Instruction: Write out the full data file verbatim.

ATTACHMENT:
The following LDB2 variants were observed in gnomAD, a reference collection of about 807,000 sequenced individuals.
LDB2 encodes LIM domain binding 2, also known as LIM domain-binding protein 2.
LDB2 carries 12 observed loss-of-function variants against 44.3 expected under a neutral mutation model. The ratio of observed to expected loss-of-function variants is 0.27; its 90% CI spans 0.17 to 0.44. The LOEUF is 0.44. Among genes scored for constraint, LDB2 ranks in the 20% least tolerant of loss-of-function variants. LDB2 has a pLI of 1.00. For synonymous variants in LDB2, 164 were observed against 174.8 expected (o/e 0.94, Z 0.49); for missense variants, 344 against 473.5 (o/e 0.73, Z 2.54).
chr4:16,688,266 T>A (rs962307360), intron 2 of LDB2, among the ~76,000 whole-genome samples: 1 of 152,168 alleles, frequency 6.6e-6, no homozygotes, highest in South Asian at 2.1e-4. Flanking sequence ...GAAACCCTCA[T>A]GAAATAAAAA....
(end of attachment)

The following LDB2 variants were observed in gnomAD, a reference collection of about 807,000 sequenced individuals.
LDB2 encodes LIM domain binding 2, also known as LIM domain-binding protein 2.
LDB2 carries 12 observed loss-of-function variants against 44.3 expected under a neutral mutation model. The ratio of observed to expected loss-of-function variants is 0.27; its 90% CI spans 0.17 to 0.44. The LOEUF is 0.44. Among genes scored for constraint, LDB2 ranks in the 20% least tolerant of loss-of-function variants. LDB2 has a pLI of 1.00. For synonymous variants in LDB2, 164 were observed against 174.8 expected (o/e 0.94, Z 0.49); for missense variants, 344 against 473.5 (o/e 0.73, Z 2.54).
chr4:16,688,266 T>A (rs962307360), intron 2 of LDB2, among the ~76,000 whole-genome samples: 1 of 152,168 alleles, frequency 6.6e-6, no homozygotes, highest in South Asian at 2.1e-4. Flanking sequence ...GAAACCCTCA[T>A]GAAATAAAAA....